To Reach Your Risk Potential, Tell Better Stories

By Melanie Lockwood Herman

This month I’ve been obsessively watching Season #1 of The Big Door Prize, on AppleTV+. The show’s mechanical protagonist is Morpho, a machine that—after collecting two bits of Personally Identifiable Information—offers a forecast of one’s ‘true potential’. Reactions from townsfolk to the machine’s prophecies range from delight to detachment and despair. The show’s plot reminds me of the human craving to conquer uncertainty and know—with confidence—how things will turn out. Of course, if it were possible to divine the future, those of us in the risk biz might need to think about new career paths!

When I’m not watching the latest episode of the show, I’m wrapping up one of my favorite recent reads, Radical Curiosity by Seth Goldenberg. I’ve found so much to unpack and reflect on in this terrific book. One of the themes that drew my attention was in Chapter 4, Stories as Regenerative Catalysts. Goldenberg writes that:

“We don’t do well with uncertainty, and so we seek out stories to help our minds synthesize patterns to make sense of a nonsensical world. Stories hold us in place, anchoring us in a world that is ever-changing. Stories are a calm anchor amid the storm of uncertainty. And in uncertain in-between times, the stories we tell ourselves are powerful frameworks that help us work out who we are in the present moment and what we value. They lure us into becoming our aspirational selves.”

Goldenberg’s chapter on stories reminded me that stories bring value as well as danger in the risk realm. The value lies in the potent potential of stories to bring scenarios and risk plans to life. By imagining how things could unfold under a variety of circumstances, we can help teams identify and implement practical preparations.

But stories can also get us off track and into dangerous territory by distracting us from the work we must do to build mission resilience. Over the years I’ve heard more than a handful of senior nonprofit leaders say, “We’re not like that organization; that kind of thing couldn’t happen here.” Goldenberg cautions against storytelling that morphs into mission mythology, writing that “We tell ourselves stories that become such deeply rooted mythologies that we think them to be unquestionable truths and forget they are only stories authored by others before us.”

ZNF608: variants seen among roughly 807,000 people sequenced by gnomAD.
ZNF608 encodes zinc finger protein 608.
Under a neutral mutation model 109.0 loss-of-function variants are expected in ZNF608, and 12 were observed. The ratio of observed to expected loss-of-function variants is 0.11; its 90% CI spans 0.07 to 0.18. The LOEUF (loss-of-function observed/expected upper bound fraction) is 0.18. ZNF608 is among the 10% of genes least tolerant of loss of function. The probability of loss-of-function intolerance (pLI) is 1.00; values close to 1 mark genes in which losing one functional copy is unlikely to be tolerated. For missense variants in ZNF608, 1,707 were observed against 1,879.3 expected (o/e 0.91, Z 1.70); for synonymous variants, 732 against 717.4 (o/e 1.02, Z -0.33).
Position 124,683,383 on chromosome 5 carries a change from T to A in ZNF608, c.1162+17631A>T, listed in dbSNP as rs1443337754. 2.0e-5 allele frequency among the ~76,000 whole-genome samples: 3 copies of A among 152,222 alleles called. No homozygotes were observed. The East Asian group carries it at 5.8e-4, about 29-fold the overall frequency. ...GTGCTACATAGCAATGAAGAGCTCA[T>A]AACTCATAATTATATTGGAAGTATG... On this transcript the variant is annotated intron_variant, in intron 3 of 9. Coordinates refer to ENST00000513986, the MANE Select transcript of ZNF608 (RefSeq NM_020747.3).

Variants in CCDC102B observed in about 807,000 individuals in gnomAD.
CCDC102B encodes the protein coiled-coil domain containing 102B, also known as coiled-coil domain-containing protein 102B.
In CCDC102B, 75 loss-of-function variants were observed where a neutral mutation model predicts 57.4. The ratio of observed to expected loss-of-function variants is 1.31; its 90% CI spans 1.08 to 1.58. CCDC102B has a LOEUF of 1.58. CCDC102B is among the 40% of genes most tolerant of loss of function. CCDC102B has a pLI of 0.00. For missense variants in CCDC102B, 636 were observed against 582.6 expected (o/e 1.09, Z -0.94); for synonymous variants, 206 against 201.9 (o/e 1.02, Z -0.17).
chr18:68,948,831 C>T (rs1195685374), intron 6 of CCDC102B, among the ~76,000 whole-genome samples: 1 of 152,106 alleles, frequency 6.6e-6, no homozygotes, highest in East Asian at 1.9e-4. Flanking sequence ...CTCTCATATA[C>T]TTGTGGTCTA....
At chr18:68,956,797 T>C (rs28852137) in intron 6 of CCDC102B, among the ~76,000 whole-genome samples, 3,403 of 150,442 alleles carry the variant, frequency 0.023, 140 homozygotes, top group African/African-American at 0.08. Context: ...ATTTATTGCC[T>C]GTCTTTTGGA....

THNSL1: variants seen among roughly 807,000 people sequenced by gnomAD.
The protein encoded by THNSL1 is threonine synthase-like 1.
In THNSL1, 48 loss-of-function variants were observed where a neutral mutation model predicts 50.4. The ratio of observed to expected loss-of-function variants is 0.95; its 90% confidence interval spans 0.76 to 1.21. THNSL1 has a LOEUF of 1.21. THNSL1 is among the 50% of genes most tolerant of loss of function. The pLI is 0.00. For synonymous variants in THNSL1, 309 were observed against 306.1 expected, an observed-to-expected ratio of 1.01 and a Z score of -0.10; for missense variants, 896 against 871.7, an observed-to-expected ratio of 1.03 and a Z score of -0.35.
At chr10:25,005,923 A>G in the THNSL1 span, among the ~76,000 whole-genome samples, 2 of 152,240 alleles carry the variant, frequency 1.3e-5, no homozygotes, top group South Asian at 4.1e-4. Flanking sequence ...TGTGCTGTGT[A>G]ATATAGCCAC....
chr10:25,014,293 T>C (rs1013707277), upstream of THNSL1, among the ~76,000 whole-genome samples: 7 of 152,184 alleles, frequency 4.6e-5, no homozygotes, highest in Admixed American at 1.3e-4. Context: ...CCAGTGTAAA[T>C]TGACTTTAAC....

Reckoning with Myths

What are your nonprofit’s myths? Stories that are accepted as “unquestionable truths”? How might the stories you tell about your history, founders, business model or values stand in the way of understanding your top risks? Of unpacking the ‘what if’ future events and circumstances that could be disruptive? Of understanding whether some of your work to help others could also cause harm?

I love the concept of a mirror as a tool for seeing our true selves. But I also know that if I tilt a wall mirror backward—just a tad—I will be taller and slimmer than my true self. Like mirrors, the stories that morph into mission mythology are imperfect reflections of our past and present. Reflecting honestly on what we know—and acknowledging the vastness of what we can’t possibly know—is essential to leading others through candid conversations about risk.

Sharpen Storytelling Skills at the Risk Summit

The NRMC team is excited to welcome Anthony A. Dicks, Jr. as our keynote speaker at the opening session of the 2023 Risk Summit. As a Senior Leadership Consultant for the 180 Management Group, Anthony helps leaders with diverse responsibilities reach their true potential.

We’re delighted that Anthony has accepted our invitation to explain how to harness storytelling to amplify the success of risk activities in a nonprofit. We know that the connection leaders make with staff often determines which teams will engage with rapt attention and which ones often just check boxes. Risk Summit attendees want to inspire buy-in to risk management practices well beyond compliance minimums. Join us this fall to learn more about the power of storytelling and its potential role in fortifying your risk function!

Melanie Lockwood Herman is Executive Director of the Nonprofit Risk Management Center. She invites you to reach out to share how you’re using stories to achieve your risk program’s true potential, at Melanie@ or 703-777-3504.